How does a car owner truly make a ride his own? There are two ways to go about this. The first is to load your car with off-the-shelf parts for performance and aesthetics. The second is to really dive in with custom features and modifications that can’t be bought. Sam Albayda and his 1964 Volkswagen Beetle fall under the latter category. Enthusiasts and cars like this appear few and far between.
We love this style because it reminds us of classic hot rods. Widened steel wheels look good to us when they fill up fender wells. And then there are the hubcaps; it’s easy to take these for granted, but when you have an eye for detail and a taste for this very specific aesthetic, you know when things are just right. There aren’t a lot of cars like this roaming Metro Manila, and that’s why we dig it. Purists had better look away.
"The restoration was done at home, from the engine to the bodywork and paint job," says Sam. "And we brought everything back to stock, with the tall tires and the normal stance."
The restoration job was done 10 years ago, and up to now it still looks pristine. Sam tells us that Anzahl was the paint brand of choice, and the old painter who did the finish was a genius.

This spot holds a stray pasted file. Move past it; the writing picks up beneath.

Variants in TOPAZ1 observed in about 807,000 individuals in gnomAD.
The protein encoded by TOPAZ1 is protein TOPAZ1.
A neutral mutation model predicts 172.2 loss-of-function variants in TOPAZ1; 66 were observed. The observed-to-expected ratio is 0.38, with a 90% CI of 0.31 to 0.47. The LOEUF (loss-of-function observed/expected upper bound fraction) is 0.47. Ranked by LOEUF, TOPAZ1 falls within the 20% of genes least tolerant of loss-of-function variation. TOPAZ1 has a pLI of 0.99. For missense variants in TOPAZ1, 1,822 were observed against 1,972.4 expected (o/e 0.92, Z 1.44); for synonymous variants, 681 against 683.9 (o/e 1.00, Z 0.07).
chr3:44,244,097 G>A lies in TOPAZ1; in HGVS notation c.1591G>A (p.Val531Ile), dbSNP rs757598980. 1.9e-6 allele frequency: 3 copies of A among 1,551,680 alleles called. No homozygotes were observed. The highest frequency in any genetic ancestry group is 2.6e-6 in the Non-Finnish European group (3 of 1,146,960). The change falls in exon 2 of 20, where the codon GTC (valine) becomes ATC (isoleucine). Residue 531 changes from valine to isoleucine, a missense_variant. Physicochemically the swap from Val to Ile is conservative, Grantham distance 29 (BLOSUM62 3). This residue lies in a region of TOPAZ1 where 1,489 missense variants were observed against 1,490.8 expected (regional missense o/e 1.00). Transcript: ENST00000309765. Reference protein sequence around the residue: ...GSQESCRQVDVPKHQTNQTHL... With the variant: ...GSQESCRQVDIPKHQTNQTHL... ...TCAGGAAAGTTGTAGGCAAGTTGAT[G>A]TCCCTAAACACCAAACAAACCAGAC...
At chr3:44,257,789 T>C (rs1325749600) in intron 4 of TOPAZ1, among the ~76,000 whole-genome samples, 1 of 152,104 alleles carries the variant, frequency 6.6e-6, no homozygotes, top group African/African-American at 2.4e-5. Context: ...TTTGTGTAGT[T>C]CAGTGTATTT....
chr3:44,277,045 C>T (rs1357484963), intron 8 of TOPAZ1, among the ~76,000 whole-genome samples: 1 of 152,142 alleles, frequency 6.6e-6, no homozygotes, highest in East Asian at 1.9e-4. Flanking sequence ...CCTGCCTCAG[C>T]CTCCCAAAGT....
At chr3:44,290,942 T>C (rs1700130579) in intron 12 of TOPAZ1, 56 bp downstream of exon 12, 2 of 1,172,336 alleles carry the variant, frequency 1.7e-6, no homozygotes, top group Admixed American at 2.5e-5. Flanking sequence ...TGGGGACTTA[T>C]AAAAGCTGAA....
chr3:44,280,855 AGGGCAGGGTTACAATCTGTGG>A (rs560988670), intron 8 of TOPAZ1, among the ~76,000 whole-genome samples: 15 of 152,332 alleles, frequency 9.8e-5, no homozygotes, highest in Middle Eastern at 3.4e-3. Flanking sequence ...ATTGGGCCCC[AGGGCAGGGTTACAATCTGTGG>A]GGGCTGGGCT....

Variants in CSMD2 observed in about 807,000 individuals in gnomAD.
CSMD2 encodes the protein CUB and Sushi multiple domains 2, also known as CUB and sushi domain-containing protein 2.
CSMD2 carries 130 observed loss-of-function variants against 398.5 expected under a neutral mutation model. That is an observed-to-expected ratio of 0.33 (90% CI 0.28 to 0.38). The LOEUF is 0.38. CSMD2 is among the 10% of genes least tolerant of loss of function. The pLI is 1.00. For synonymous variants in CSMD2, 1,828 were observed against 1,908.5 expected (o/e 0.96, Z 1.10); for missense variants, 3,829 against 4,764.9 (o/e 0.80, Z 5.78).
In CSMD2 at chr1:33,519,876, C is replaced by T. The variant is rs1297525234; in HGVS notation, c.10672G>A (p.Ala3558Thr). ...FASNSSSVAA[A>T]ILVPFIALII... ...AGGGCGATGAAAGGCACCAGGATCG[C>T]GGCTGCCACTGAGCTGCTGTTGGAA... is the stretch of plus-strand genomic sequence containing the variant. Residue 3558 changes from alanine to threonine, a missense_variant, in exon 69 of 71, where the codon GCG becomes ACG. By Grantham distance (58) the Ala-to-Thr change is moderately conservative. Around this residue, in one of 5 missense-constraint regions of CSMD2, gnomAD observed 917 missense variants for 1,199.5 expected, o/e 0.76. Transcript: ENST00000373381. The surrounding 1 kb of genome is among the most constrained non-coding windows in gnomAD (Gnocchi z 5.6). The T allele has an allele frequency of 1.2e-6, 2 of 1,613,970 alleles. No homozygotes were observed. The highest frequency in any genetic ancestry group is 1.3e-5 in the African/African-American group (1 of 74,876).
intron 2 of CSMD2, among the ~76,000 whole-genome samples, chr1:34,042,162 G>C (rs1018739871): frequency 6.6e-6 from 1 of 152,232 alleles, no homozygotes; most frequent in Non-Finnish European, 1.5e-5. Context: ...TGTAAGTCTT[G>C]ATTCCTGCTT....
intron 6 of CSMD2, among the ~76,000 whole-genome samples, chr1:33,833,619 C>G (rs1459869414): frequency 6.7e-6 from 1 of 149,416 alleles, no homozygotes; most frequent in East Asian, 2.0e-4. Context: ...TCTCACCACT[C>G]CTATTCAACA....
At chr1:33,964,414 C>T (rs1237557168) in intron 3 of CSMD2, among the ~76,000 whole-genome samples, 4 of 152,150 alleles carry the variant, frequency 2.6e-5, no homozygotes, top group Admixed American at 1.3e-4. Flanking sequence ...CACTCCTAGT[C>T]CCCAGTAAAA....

As for the execution of Sam’s personal vision for the car, it was a 10-year journey. It all started with his desire to go low and fit widened steel wheels. The modified steelies were done by an old machine shop on Anonas Street in Quezon City. The rear wheels look so big and deep, especially when enclosed by the very sexy rear fenders of the Beetle. The car also sports gold accents on the chrome pieces, and swan-neck fender mirrors. "You need these mirrors talaga," Sam remarks.
Inside, the gray interior is a very neutral tone that works with the blue exterior paint. And because Sam wanted to make the Beetle a plaything of sorts, he added a cut-off switch for turning the engine off. There's also a secret push-start engine button hiding somewhere in the interior. You won’t find a place to put a key in here. This Beetle is 50 years strong, and will definitely turn heads for another 50 years. It’s a ride that’s right up our alley.
Photos by Ian Magbanua
If you're viewing this on a mobile device and can't see the video, please click here.